Wednesday, October 12, 2005

Choice Distros

I constantly talk about getting Windows users to switch to a free more secure alternative operating system called Linux. For those of you that are considering taking the plunge, I figured I’d list some of my personal suggestions as to which version of Linux to choose. I’ve used several factors in coming to my decision with the ultimate idea packaged around ease of use. I’ve included full install versions which require space on your hard drive as well as Live CDs which boot off of and run completely off the CD or a USB drive.

Ubuntu (

Ubuntu is probably the most user friendly distro I’ve used in my four + years of Linux experience. Ubuntu is a relatively new distro on the block but it has garnered much attention for the complete ease of use from hardware detection to package management. Coupled with the fact that their support forums provide an excellent resource for just about any user request, this version of Linux has become a viable alternative to any Microsoft Windows operating system including XP. I can’t stress enough that if your considering to jump into Linux to do so using this distro. If you like the “eye candy” of XP, consider using the KDE desktop manager as opposed to the default GNOME desktop. GNOME’s desktop has the look and feel that could be considered to be more of a pre-XP look similar to that of Windows 98 and 2000.

SuSE (

SuSE Linux has the visual appeal that entices Windows users into become Linux addicts. SuSE is very easy to install and maintain. It includes everything a casual to power user would need in one distro. This version of Linux easily installs on a desktop or laptop computer and can be networked with other systems running operating systems such as Windows with little or no difficulty. SuSE has their own version of a control panel they call YaST. YaST’s functionality is quite bit more diverse in comparison to the control panel in Windows. From within YaST, just about every function can be done to update, upgrade, or modify the system. SuSE is yet another strong distro for a home user but is quite common in a workplace environment in many countries including the US.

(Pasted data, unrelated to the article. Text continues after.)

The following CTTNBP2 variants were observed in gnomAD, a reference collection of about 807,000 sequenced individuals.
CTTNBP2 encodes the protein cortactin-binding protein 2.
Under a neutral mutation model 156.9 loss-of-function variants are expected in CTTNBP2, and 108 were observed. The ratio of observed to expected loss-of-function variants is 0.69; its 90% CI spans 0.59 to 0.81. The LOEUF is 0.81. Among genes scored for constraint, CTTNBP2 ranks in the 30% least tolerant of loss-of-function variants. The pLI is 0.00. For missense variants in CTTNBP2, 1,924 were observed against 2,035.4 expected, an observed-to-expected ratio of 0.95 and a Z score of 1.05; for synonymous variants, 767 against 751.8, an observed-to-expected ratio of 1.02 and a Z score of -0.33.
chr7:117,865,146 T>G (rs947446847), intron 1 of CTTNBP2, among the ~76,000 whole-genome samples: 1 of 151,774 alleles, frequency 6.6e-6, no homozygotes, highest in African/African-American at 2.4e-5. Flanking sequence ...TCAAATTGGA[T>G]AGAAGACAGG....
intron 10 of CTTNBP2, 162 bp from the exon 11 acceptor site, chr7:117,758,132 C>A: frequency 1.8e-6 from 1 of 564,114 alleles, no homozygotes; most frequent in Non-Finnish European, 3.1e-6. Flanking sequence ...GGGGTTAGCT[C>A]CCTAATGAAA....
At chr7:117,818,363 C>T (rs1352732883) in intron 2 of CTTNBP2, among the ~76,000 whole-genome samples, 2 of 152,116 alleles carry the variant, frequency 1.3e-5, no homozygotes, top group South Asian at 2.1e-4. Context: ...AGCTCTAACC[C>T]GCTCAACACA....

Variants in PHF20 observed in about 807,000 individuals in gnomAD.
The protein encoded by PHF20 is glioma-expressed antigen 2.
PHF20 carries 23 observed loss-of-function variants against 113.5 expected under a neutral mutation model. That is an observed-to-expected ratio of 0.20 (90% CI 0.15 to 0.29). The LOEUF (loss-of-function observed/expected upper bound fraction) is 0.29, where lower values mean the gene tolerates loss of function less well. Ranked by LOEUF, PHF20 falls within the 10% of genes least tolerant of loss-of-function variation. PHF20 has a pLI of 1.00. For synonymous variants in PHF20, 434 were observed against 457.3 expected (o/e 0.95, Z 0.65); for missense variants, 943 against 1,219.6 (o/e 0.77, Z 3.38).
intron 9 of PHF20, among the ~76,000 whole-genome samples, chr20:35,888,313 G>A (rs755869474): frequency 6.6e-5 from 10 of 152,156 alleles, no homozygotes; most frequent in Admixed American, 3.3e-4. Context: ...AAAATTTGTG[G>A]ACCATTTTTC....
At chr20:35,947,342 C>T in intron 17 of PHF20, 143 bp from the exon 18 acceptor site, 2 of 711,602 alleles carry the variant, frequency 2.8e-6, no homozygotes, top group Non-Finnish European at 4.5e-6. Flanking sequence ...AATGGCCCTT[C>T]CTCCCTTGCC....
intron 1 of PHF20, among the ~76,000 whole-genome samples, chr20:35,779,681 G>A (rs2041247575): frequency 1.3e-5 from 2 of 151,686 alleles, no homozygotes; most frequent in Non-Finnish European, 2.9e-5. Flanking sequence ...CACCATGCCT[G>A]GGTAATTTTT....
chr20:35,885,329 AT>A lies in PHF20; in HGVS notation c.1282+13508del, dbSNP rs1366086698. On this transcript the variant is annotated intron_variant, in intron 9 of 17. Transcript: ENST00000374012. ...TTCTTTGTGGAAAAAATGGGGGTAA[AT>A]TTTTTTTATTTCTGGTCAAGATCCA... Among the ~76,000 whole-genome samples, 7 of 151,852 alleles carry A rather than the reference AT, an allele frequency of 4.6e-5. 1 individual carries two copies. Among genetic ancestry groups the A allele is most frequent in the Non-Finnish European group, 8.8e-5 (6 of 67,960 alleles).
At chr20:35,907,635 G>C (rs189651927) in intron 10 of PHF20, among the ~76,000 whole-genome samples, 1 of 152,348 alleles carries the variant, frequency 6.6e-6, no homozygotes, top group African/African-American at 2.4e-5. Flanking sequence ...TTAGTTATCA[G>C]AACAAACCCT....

Slackware (

While my criteria weighed heavy on ease of install and ease, this is not the case when it comes to Slackware. By no means is it the most difficult to use but it will present a challenge to maintain certain things in the distro. The example I use is that your wireless card built into your laptop may not be recognized and you’ll have to take a few steps in order to get it working. Slackware is one of original version of Linux and support forums are available throughout the web by Google searching ( or consulting the Slackware site itself ( The reason I put Slackware on my list is because it is easily the most stable, secure Linux available. The word is that if you are able to manage Slackware, you will know ALL Linux. If you are the kind that is up to a little challenge in their work, enjoy Slackware.


PCBSD is based off of FreeBSD and now I know I’ve lost your attention. To make it even more confusing, BSD is not Linux. BSD is Unix. Rather than have you completely surf to another page, let me explain that Mac operating systems are based on BSD Unix. Whether you hate Mac or not, Mac operating systems are much more secure than Windows. Now back to PCBSD. PCBSD is a project intended to make BSD much more user friendly from the install to management. Most versions of alternative operating systems are pretty much cut and dry once they are installed. The troubles usually for the end-user are in the initial install and how the packages are updated when in use. PCBSD is doing an excellent job at making the end-user experience for a potential Unix user to be very enjoyable. I’ve tried my hand at other versions of Unix and immediately ran back to Linux. PCBSD gives the not so intimidating vibe of Unix.